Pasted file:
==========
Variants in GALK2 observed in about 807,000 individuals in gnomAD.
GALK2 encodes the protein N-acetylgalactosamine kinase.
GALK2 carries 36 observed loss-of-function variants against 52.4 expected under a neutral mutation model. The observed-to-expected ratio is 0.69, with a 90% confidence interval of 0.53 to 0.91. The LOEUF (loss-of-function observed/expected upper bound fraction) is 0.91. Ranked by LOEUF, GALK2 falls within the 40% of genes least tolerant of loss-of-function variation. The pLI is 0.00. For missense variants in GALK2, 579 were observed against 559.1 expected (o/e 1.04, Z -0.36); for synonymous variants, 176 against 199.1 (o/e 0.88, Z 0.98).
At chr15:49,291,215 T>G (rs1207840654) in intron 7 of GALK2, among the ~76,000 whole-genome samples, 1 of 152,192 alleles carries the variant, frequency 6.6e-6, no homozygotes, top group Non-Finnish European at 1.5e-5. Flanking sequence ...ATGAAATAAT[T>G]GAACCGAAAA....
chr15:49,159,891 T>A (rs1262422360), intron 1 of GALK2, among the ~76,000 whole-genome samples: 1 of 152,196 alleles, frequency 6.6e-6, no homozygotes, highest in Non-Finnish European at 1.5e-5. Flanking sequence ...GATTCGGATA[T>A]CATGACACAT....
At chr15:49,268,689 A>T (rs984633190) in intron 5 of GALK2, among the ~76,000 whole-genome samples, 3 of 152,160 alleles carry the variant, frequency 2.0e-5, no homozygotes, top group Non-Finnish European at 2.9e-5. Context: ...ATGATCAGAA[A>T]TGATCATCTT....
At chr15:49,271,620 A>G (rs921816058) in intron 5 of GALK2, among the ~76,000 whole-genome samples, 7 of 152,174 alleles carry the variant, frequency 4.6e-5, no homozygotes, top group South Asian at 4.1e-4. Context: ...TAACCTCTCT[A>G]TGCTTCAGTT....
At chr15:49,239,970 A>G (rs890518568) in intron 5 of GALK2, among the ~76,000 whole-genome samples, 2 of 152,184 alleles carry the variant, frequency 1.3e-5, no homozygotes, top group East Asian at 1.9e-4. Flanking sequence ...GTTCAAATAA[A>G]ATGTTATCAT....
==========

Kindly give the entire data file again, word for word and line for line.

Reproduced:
Variants in GALK2 observed in about 807,000 individuals in gnomAD.
GALK2 encodes the protein N-acetylgalactosamine kinase.
GALK2 carries 36 observed loss-of-function variants against 52.4 expected under a neutral mutation model. The observed-to-expected ratio is 0.69, with a 90% confidence interval of 0.53 to 0.91. The LOEUF (loss-of-function observed/expected upper bound fraction) is 0.91. Ranked by LOEUF, GALK2 falls within the 40% of genes least tolerant of loss-of-function variation. The pLI is 0.00. For missense variants in GALK2, 579 were observed against 559.1 expected (o/e 1.04, Z -0.36); for synonymous variants, 176 against 199.1 (o/e 0.88, Z 0.98).
At chr15:49,291,215 T>G (rs1207840654) in intron 7 of GALK2, among the ~76,000 whole-genome samples, 1 of 152,192 alleles carries the variant, frequency 6.6e-6, no homozygotes, top group Non-Finnish European at 1.5e-5. Flanking sequence ...ATGAAATAAT[T>G]GAACCGAAAA....
chr15:49,159,891 T>A (rs1262422360), intron 1 of GALK2, among the ~76,000 whole-genome samples: 1 of 152,196 alleles, frequency 6.6e-6, no homozygotes, highest in Non-Finnish European at 1.5e-5. Flanking sequence ...GATTCGGATA[T>A]CATGACACAT....
At chr15:49,268,689 A>T (rs984633190) in intron 5 of GALK2, among the ~76,000 whole-genome samples, 3 of 152,160 alleles carry the variant, frequency 2.0e-5, no homozygotes, top group Non-Finnish European at 2.9e-5. Context: ...ATGATCAGAA[A>T]TGATCATCTT....
At chr15:49,271,620 A>G (rs921816058) in intron 5 of GALK2, among the ~76,000 whole-genome samples, 7 of 152,174 alleles carry the variant, frequency 4.6e-5, no homozygotes, top group South Asian at 4.1e-4. Context: ...TAACCTCTCT[A>G]TGCTTCAGTT....
At chr15:49,239,970 A>G (rs890518568) in intron 5 of GALK2, among the ~76,000 whole-genome samples, 2 of 152,184 alleles carry the variant, frequency 1.3e-5, no homozygotes, top group East Asian at 1.9e-4. Flanking sequence ...GTTCAAATAA[A>G]ATGTTATCAT....